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Are you having trouble accessing your e-mail on Mac Mail? When you open your inbox or want to send a message, the Mail app always asks for your password.
When Mac Mail keeps asking for your password, it’s usually because it can’t link to your network properly. Try resetting your internet if this happens when you’re searching your inbox or writing a message. There’s a fair chance it’ll be beneficial.
A issue with Mac Mail may often be caused by an external factor. It could be a server issue or something else completely out of your hands. In those situations, waiting it out may be the best option. I know it’s tedious to sit for 15 minutes and do nothing, but it may be the answer to your dilemma.
Passwords are usually saved in the keychain software on your Mac, but if you entered the password again for some reason and then saved it in your keychain, you could have entered it incorrectly, which may be the cause of your Mail issue. So, re-enter the password and double-check that you’ve typed it correctly.
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Apple Mail will sometimes ask for a password if your internet connection goes down, even if it is just for a short time. This is because it is unable to link to the email service provider successfully. Instead of testing if the internet link is actually working, Apple Mail seems to always think it’s a password problem.
Restart your Mac from the Apple menu (top left of screen) > Restart if you are confident you have internet access. This may seem unnecessary, but it ensures that Apple Mail has been absolutely closed and reopened. Inexperienced users can simply close the Mail window without completely exiting the app. Check to see if the email password prompt has vanished after restarting.
The simple trick is to use your email provider’s webmail service to double-check that the password you’re trying is right. Obviously, logging into the email provider’s system successfully verifies that the password you have on file is correct.
Your email service provider provides you with a website called “Webmail.” This helps you to access your email without having to install an app on your computer (such as Apple Mail or Outlook).
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Many email providers provide webmail, which allows you to access your email via a web browser like Safari rather than an email app like Mail. If you have an iCloud Mail account, for example, you can send and receive email using iCloud.com.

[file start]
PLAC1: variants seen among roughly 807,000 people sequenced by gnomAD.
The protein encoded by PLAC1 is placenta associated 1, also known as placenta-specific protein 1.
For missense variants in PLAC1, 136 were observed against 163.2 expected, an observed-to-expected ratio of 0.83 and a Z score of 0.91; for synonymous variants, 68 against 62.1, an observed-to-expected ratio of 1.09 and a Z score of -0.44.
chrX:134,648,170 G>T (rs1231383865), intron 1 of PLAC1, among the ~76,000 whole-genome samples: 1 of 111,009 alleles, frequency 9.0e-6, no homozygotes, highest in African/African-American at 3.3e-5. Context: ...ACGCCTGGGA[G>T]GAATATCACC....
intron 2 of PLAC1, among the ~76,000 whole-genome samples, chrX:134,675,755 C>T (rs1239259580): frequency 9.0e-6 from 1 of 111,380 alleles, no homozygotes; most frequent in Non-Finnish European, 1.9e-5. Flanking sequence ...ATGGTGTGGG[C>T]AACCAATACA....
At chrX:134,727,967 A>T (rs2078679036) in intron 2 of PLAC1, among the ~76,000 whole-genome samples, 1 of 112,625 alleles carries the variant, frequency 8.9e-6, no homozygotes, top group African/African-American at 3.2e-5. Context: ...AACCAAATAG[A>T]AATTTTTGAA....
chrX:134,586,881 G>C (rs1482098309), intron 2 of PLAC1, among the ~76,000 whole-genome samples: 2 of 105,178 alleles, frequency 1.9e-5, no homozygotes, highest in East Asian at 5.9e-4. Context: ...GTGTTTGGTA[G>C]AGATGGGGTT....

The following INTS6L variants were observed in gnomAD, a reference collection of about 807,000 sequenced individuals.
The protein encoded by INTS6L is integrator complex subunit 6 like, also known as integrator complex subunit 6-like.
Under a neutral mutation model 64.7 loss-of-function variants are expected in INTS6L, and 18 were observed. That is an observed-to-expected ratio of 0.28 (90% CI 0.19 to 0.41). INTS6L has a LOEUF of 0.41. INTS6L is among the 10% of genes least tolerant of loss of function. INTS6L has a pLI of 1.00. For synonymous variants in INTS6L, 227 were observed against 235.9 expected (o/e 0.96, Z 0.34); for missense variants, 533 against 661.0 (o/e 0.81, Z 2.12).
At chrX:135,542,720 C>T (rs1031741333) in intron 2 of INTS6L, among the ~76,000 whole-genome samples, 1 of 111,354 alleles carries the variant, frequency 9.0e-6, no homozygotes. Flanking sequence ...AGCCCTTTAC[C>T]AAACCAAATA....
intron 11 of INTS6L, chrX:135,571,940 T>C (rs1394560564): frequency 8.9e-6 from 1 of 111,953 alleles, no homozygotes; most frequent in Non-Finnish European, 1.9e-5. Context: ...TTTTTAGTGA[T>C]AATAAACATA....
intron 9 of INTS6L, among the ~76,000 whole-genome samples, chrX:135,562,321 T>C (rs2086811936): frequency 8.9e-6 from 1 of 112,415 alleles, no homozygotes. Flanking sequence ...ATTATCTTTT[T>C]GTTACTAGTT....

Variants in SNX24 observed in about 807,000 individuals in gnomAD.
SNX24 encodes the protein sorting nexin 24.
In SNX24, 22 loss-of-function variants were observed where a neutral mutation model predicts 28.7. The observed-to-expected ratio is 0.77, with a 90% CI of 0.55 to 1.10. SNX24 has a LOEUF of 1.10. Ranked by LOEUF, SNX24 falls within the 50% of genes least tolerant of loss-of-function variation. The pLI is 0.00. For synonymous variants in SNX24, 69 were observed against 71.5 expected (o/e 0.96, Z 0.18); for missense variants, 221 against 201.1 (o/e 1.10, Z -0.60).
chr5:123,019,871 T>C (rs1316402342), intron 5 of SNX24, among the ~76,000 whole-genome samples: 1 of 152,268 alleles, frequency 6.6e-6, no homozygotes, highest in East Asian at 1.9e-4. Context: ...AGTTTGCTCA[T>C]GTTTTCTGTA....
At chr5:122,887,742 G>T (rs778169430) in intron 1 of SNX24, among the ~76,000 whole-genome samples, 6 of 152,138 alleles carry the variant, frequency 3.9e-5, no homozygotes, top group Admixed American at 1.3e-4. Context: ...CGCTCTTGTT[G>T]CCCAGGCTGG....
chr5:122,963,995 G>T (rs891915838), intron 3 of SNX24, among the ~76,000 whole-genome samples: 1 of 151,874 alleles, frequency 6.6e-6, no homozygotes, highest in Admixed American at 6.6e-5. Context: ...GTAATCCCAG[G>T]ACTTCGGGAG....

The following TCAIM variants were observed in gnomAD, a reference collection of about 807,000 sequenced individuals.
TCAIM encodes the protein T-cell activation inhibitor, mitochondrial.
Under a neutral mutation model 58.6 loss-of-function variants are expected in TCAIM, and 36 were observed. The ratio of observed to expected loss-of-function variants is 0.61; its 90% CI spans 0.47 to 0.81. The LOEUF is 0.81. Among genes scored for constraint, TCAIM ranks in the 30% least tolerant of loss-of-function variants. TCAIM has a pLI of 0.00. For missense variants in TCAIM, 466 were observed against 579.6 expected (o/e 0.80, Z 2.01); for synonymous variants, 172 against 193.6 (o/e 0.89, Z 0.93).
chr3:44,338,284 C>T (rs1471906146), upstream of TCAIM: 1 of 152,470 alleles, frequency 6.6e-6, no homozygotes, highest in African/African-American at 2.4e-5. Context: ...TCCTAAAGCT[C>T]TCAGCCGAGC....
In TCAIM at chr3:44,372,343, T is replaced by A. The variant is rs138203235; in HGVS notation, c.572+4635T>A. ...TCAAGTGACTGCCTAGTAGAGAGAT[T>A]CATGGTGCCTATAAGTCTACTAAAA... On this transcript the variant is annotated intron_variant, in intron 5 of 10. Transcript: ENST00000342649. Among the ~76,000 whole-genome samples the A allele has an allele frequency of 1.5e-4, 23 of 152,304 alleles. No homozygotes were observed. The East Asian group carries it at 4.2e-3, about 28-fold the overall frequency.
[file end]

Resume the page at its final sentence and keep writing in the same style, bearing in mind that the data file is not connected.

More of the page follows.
Since the password you use for Mail is typically the same as the password you use for webmail, try using that password to sign in to webmail. If it doesn’t work there, it’s possible that your password is wrong. Your email provider will assist you in verifying your email settings and ensuring that you’re using the right Mail app password.
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It’s worth noting that if you have 2-Step Verification enabled – which should be the case for all – you won’t be able to grant less secure apps access to your account. But don’t worry, your account is safe and stable.
If you’re still getting “password wrong” errors after enabling access to less safe applications, it’s possible that you’re signing in from a new location or computer, or that the version of the Mail app you’re using doesn’t support 2-step verification.
I said earlier that you should have 2-step verification enabled on any service that provides it – and I still believe that – but you’d be forgiven if you don’t have it enabled, or even if you don’t know what 2-step verification is.
2-step authentication is just what it sounds like: a process of checking your identity in two steps rather than the conventional one. When you sign in, 2-step authentication expects you to enter your password first, followed by a code sent to your phone. It can take a little longer to sign in on untrusted devices, and things get more difficult if your phone isn’t nearby, but the ability to add an extra layer of protection to secure your personal details shouldn’t be passed up.